What if you were able to get tighter groupings from your ammo and not have to pay the price of premium match grade? If that’s something that interests you, then reloading your own ammo might be the solution for you. It’s a pastime that many shooters take up because you can perfect your own “load” specific to your rifles and pistols to help them perform better for you.

ammo reloading equipment

recommended equipment for reloading

Since most of us don’t have reloading presses already at home, there’s a bit of a start-up cost for reloading. This is something that is usually negated over time as you reload more ammo and get out and shoot more often. We’ve all seen times when locating affordable factory ammo is near impossible.


Case Cleaner

Either a brass tumbler, or homemade solution of hot water and a plastic container will be able to clean your spent rounds. The case cleaner will rid your cases of any dirt or debris and clean it for the next step.


Reloading Press

The reloading press does the majority of the work. It’s a mechanical device that will pop out old primers, resize the brass, insert a new primer, and press a bullet into the new casing and crimp it shut.


Reloading Dies

The dies will be caliber specific and will usually have three different dies used for sizing and decapping, expanding, and seating/crimping.


Powder Dispenser

4. The powder dispenser will precisely dispense a given amount of powder which you will then weigh on your scale for accuracy.



Calipers will help aid in measuring the case’s overall length to ensure that your bullets are seated and will feed properly.


Reloading Manual

This is a must, as it will give you specific information for reloading certain calibers with whatever machines you use to reload. Their recommendations are something you should always stay within.


Extra Equipment for Certain Rounds

Case trimmer, Chamfer and deburring tool, case lube kit. Lastly, there are certain calibers that are bottlenecked. You will need specific equipment to trim the case, clean it of rough edges and clean it up. (i.e .223, 5.56, .308, 30-30, etc)

prep the case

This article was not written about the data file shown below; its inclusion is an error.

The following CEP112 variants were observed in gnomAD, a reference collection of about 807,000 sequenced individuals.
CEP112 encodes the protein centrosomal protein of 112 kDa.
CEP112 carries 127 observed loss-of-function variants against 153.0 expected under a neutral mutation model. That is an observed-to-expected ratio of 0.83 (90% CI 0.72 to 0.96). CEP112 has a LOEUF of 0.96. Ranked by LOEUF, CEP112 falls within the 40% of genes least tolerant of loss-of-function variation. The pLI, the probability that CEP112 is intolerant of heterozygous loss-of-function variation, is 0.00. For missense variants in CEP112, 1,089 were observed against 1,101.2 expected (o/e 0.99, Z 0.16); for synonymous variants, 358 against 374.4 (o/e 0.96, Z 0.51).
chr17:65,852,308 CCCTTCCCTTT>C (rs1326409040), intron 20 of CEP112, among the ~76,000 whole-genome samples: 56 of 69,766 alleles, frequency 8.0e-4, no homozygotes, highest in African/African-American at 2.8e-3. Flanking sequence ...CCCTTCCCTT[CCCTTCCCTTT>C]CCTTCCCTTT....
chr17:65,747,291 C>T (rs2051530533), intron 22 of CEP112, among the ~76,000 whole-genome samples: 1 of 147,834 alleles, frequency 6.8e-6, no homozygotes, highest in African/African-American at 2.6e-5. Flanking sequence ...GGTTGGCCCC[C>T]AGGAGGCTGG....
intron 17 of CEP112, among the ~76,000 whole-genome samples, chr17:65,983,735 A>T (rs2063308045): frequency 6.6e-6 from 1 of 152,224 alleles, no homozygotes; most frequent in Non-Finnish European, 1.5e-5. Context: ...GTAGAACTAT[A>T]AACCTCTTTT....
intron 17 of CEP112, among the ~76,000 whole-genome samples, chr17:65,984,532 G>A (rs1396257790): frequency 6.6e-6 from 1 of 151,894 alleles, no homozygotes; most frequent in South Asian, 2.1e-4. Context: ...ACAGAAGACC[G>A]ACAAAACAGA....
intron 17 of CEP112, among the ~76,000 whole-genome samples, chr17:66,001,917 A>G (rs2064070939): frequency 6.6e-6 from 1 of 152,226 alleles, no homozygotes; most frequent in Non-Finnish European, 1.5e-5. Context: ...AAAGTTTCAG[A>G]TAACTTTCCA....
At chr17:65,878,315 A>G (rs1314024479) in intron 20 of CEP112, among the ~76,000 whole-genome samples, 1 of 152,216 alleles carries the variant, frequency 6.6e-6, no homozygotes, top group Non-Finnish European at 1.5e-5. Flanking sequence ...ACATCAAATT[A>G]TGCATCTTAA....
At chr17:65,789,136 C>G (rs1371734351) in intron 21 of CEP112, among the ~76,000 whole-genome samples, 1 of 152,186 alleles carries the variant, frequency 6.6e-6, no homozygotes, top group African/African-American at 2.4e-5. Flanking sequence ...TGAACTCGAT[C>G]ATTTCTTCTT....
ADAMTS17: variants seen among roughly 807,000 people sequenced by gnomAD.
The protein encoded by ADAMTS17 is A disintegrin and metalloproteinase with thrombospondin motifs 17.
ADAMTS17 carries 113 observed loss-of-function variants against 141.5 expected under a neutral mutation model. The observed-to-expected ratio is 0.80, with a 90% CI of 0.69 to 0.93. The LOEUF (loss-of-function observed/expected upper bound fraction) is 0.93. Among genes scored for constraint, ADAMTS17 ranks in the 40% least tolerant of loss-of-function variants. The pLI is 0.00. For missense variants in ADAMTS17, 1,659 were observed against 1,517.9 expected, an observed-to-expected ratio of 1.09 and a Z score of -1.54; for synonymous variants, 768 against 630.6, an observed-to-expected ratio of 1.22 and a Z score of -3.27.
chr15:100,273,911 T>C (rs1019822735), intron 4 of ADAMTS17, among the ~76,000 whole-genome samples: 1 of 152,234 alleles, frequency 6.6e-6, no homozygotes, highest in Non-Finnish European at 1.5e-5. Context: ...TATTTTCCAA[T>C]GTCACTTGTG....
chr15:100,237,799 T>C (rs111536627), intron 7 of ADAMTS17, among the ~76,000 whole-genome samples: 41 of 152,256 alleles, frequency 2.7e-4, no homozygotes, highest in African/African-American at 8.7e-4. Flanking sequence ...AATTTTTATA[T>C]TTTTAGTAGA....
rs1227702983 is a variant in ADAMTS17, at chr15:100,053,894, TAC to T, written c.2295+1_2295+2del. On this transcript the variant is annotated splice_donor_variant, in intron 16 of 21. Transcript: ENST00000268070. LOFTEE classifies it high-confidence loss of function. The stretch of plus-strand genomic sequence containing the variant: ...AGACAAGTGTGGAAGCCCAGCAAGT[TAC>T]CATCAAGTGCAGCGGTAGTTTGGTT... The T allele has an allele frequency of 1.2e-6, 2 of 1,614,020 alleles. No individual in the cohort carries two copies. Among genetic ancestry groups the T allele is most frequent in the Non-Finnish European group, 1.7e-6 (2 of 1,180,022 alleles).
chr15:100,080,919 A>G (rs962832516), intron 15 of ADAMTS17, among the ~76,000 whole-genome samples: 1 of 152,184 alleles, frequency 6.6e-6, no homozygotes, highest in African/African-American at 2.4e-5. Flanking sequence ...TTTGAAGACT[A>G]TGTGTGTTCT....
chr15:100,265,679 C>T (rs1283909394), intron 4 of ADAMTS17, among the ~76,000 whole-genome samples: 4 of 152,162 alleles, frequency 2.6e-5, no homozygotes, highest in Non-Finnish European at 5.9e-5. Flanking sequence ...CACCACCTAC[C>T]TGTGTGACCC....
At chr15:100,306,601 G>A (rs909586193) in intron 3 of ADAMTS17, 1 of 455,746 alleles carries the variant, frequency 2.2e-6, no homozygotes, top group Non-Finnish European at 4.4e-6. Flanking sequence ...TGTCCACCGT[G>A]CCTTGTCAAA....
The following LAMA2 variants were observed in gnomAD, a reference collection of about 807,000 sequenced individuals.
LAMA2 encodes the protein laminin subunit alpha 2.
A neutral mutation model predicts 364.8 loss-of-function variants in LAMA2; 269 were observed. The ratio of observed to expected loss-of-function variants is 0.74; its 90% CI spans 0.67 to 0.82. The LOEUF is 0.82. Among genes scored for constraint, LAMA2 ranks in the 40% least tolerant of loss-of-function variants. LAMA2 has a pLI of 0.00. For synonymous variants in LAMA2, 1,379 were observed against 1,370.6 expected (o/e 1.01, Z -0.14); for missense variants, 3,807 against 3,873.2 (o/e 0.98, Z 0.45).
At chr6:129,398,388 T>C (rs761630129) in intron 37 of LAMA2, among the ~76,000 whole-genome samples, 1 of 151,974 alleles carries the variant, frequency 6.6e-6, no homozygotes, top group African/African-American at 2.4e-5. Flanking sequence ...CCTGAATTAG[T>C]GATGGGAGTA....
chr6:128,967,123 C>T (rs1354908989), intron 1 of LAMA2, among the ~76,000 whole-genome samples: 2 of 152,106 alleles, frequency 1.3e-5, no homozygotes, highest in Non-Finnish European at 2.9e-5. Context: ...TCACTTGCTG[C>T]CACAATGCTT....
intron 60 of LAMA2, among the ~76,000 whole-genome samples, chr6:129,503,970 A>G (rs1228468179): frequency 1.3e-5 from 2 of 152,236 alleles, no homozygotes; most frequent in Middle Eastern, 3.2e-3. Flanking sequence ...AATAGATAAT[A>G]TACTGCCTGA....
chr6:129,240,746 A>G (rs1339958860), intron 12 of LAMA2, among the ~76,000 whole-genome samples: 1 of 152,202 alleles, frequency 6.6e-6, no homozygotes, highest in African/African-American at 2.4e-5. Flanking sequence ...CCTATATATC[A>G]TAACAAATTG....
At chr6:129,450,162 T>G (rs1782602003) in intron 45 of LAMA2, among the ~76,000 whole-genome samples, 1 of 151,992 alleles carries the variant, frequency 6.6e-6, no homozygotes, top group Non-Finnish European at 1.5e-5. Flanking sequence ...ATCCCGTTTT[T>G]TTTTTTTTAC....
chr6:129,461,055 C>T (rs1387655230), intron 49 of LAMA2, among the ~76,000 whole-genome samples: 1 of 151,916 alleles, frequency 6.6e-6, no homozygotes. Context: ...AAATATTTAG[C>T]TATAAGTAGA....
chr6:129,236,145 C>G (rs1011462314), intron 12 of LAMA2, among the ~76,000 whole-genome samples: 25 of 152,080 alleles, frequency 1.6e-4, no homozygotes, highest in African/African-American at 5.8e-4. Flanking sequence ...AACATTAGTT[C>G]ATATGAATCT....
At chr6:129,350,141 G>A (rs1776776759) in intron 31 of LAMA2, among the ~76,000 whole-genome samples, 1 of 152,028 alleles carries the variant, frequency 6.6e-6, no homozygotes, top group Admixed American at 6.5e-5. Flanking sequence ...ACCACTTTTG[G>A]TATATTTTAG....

First you will start with prepping the case. Unless you have brand new brass, you will need to use your case cleaner to properly prep the used brass. This process of cleaning the brass will also ensure that your dies won’t become dirty over the process of reloading. Doing this will help your ammo feed into your gun more reliably. After you’re done cleaning the brass you will deprime the brass by using the dedicated decapping die.

resize the brass

Next you’ll need to resize the brass exterior. When you fire a cartridge the brass will slightly expand in the chamber of a gun. You’ll need to use the resizing die to bring your casing back to the correct dimensions to ensure that they will fit back into your gun. If you’re using bottleneck ammo you’ll need to trim the case and deburr it as well due to the expansion. The last part of resizing the round is reopening the case mouth to fit the new bullet.

prime & charge the cartridge

After it has been opened you’ll prime the cartridge with a new one and then charge the cartridge with the appropriately measured powder. Next, you’ll seat the bullet into the newly primed and charged brass. Seating a bullet properly is crucial for safety. If a bullet isn’t properly seated, the lack of space inside of the cartridge could potentially cause a more pressurized explosion than you intend. Remember: the ignited gunpowder needs room to expand. Finally, crimp the bullet to the case. This ensures that the bullet is properly inside of the case. The opening should be back to spec and there should be tension on the bullet and case interior.

why reload yourself?


There are a few reasons as to why there are so many shooters that decide to reload their own ammo. One of the main ones is that there can be cost savings depending on what caliber you’re reloading. More common rounds like 5.56, 9mm, (amongst others) are mass produced from factories in such large quantities that your savings would be minimal.

When it comes to match grade, larger caliber rounds such as 6.5CM, .308 or .338 Lapua, you should notice a bit more value for your time. This is also true with other calibers that might cost between $2+ per round. This is usually because those match grade rounds are not as heavily produced as common calibers that would be considered cheap or range ammo.


Customization is another big plus for reloading. While you may have a rifle that functions perfectly fine with factory ammo, specializing your load for that particular gun could have some serious performance benefits. There are many factors that go into ammo that can hinder or benefit the performance of a firearm. Adjusting bullet speed can help compensate with barrel whip, changing the length of your round can assist with feeding, and modifying the different bullet types for competition shooting or hunting can also be beneficial.

Lastly, reloading can be a nice hobby while also being productive in making ammo for yourself. Depending on how fast you are and how fancy your reloading setup is, you can potentially crank out hundreds of rounds if not thousands per hour! Some people find the monotony of reloading therapeutic.

get equipped for reloading

While reloading equipment has become popular over the last few years due to the ammo panic, it has been difficult to find. Primers, brass, and equipment have taken the hardest hit, but it is getting better as time goes on. We are working on getting reloading equipment more readily available for you to find in our store. Feel free to ask us about reloading supplies and we will do our best to get you set up properly.

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